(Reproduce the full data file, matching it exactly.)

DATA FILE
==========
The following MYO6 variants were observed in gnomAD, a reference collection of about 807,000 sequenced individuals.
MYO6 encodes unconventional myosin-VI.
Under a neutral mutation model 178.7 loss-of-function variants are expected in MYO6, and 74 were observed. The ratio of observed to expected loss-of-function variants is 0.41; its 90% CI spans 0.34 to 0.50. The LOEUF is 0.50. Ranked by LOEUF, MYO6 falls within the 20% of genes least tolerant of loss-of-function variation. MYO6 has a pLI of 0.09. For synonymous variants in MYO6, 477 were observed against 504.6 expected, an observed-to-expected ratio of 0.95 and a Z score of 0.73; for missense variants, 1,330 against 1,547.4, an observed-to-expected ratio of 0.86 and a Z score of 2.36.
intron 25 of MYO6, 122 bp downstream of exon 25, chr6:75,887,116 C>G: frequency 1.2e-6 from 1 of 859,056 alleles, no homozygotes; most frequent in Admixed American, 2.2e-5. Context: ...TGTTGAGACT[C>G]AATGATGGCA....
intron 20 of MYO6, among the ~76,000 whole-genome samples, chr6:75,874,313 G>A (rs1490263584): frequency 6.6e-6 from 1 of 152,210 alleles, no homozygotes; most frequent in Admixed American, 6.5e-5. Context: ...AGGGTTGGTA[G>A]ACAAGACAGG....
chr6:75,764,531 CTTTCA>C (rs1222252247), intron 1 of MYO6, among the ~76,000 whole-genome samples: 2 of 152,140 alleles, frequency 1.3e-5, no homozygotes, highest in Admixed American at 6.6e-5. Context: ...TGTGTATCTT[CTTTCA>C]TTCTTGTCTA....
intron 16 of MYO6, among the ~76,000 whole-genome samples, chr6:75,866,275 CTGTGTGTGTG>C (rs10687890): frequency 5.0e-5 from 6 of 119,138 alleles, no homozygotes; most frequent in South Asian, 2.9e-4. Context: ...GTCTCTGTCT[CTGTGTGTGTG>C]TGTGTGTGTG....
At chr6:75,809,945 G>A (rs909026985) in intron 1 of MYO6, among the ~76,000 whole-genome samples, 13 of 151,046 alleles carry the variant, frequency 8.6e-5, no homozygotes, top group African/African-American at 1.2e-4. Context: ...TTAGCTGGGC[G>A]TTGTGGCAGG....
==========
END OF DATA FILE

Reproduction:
The following MYO6 variants were observed in gnomAD, a reference collection of about 807,000 sequenced individuals.
MYO6 encodes unconventional myosin-VI.
Under a neutral mutation model 178.7 loss-of-function variants are expected in MYO6, and 74 were observed. The ratio of observed to expected loss-of-function variants is 0.41; its 90% CI spans 0.34 to 0.50. The LOEUF is 0.50. Ranked by LOEUF, MYO6 falls within the 20% of genes least tolerant of loss-of-function variation. MYO6 has a pLI of 0.09. For synonymous variants in MYO6, 477 were observed against 504.6 expected, an observed-to-expected ratio of 0.95 and a Z score of 0.73; for missense variants, 1,330 against 1,547.4, an observed-to-expected ratio of 0.86 and a Z score of 2.36.
intron 25 of MYO6, 122 bp downstream of exon 25, chr6:75,887,116 C>G: frequency 1.2e-6 from 1 of 859,056 alleles, no homozygotes; most frequent in Admixed American, 2.2e-5. Context: ...TGTTGAGACT[C>G]AATGATGGCA....
intron 20 of MYO6, among the ~76,000 whole-genome samples, chr6:75,874,313 G>A (rs1490263584): frequency 6.6e-6 from 1 of 152,210 alleles, no homozygotes; most frequent in Admixed American, 6.5e-5. Context: ...AGGGTTGGTA[G>A]ACAAGACAGG....
chr6:75,764,531 CTTTCA>C (rs1222252247), intron 1 of MYO6, among the ~76,000 whole-genome samples: 2 of 152,140 alleles, frequency 1.3e-5, no homozygotes, highest in Admixed American at 6.6e-5. Context: ...TGTGTATCTT[CTTTCA>C]TTCTTGTCTA....
intron 16 of MYO6, among the ~76,000 whole-genome samples, chr6:75,866,275 CTGTGTGTGTG>C (rs10687890): frequency 5.0e-5 from 6 of 119,138 alleles, no homozygotes; most frequent in South Asian, 2.9e-4. Context: ...GTCTCTGTCT[CTGTGTGTGTG>C]TGTGTGTGTG....
At chr6:75,809,945 G>A (rs909026985) in intron 1 of MYO6, among the ~76,000 whole-genome samples, 13 of 151,046 alleles carry the variant, frequency 8.6e-5, no homozygotes, top group African/African-American at 1.2e-4. Context: ...TTAGCTGGGC[G>A]TTGTGGCAGG....